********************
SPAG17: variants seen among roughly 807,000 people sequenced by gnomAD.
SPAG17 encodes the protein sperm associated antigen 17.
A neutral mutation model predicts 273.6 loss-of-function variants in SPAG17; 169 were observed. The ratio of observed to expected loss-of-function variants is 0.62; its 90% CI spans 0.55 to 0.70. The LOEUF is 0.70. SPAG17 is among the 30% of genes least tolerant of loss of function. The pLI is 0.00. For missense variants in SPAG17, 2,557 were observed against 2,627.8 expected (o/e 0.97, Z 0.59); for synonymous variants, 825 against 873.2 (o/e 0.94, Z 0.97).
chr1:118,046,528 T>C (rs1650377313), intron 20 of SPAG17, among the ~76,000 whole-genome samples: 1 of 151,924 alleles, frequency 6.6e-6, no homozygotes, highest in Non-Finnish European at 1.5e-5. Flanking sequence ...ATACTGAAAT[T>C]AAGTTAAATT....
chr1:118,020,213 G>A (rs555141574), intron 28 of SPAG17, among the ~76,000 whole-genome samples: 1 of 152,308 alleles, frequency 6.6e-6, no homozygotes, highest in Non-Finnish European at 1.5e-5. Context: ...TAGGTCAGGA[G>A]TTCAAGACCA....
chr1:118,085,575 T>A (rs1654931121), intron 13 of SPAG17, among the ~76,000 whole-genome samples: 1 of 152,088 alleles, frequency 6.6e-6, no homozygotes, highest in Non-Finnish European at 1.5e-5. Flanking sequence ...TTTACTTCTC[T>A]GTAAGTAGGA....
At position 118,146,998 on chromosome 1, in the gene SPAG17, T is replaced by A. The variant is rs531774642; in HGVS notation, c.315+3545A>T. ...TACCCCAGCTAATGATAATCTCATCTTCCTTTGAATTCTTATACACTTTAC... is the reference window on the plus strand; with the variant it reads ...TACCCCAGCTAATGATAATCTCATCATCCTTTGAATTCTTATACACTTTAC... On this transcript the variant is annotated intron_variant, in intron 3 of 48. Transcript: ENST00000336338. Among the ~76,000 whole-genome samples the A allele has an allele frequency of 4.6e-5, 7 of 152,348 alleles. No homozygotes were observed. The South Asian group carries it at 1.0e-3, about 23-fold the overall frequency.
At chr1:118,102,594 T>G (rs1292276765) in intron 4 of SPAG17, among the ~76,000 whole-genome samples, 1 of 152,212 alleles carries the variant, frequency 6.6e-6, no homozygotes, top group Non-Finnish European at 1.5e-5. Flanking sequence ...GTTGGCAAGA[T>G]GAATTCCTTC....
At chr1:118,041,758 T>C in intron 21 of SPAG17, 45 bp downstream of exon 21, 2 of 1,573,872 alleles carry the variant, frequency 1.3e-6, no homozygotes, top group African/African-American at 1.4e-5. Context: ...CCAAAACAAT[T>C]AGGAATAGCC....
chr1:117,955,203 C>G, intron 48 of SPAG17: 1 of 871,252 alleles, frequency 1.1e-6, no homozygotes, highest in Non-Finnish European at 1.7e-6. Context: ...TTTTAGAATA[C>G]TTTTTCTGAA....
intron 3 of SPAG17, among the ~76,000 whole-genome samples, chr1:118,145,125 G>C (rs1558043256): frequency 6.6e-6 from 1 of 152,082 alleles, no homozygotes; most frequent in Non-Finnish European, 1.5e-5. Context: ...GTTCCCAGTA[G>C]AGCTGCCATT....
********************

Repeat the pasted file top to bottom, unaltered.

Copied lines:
SPAG17: variants seen among roughly 807,000 people sequenced by gnomAD.
SPAG17 encodes the protein sperm associated antigen 17.
A neutral mutation model predicts 273.6 loss-of-function variants in SPAG17; 169 were observed. The ratio of observed to expected loss-of-function variants is 0.62; its 90% CI spans 0.55 to 0.70. The LOEUF is 0.70. SPAG17 is among the 30% of genes least tolerant of loss of function. The pLI is 0.00. For missense variants in SPAG17, 2,557 were observed against 2,627.8 expected (o/e 0.97, Z 0.59); for synonymous variants, 825 against 873.2 (o/e 0.94, Z 0.97).
chr1:118,046,528 T>C (rs1650377313), intron 20 of SPAG17, among the ~76,000 whole-genome samples: 1 of 151,924 alleles, frequency 6.6e-6, no homozygotes, highest in Non-Finnish European at 1.5e-5. Flanking sequence ...ATACTGAAAT[T>C]AAGTTAAATT....
chr1:118,020,213 G>A (rs555141574), intron 28 of SPAG17, among the ~76,000 whole-genome samples: 1 of 152,308 alleles, frequency 6.6e-6, no homozygotes, highest in Non-Finnish European at 1.5e-5. Context: ...TAGGTCAGGA[G>A]TTCAAGACCA....
chr1:118,085,575 T>A (rs1654931121), intron 13 of SPAG17, among the ~76,000 whole-genome samples: 1 of 152,088 alleles, frequency 6.6e-6, no homozygotes, highest in Non-Finnish European at 1.5e-5. Flanking sequence ...TTTACTTCTC[T>A]GTAAGTAGGA....
At position 118,146,998 on chromosome 1, in the gene SPAG17, T is replaced by A. The variant is rs531774642; in HGVS notation, c.315+3545A>T. ...TACCCCAGCTAATGATAATCTCATCTTCCTTTGAATTCTTATACACTTTAC... is the reference window on the plus strand; with the variant it reads ...TACCCCAGCTAATGATAATCTCATCATCCTTTGAATTCTTATACACTTTAC... On this transcript the variant is annotated intron_variant, in intron 3 of 48. Transcript: ENST00000336338. Among the ~76,000 whole-genome samples the A allele has an allele frequency of 4.6e-5, 7 of 152,348 alleles. No homozygotes were observed. The South Asian group carries it at 1.0e-3, about 23-fold the overall frequency.
At chr1:118,102,594 T>G (rs1292276765) in intron 4 of SPAG17, among the ~76,000 whole-genome samples, 1 of 152,212 alleles carries the variant, frequency 6.6e-6, no homozygotes, top group Non-Finnish European at 1.5e-5. Flanking sequence ...GTTGGCAAGA[T>G]GAATTCCTTC....
At chr1:118,041,758 T>C in intron 21 of SPAG17, 45 bp downstream of exon 21, 2 of 1,573,872 alleles carry the variant, frequency 1.3e-6, no homozygotes, top group African/African-American at 1.4e-5. Context: ...CCAAAACAAT[T>C]AGGAATAGCC....
chr1:117,955,203 C>G, intron 48 of SPAG17: 1 of 871,252 alleles, frequency 1.1e-6, no homozygotes, highest in Non-Finnish European at 1.7e-6. Context: ...TTTTAGAATA[C>G]TTTTTCTGAA....
intron 3 of SPAG17, among the ~76,000 whole-genome samples, chr1:118,145,125 G>C (rs1558043256): frequency 6.6e-6 from 1 of 152,082 alleles, no homozygotes; most frequent in Non-Finnish European, 1.5e-5. Context: ...GTTCCCAGTA[G>C]AGCTGCCATT....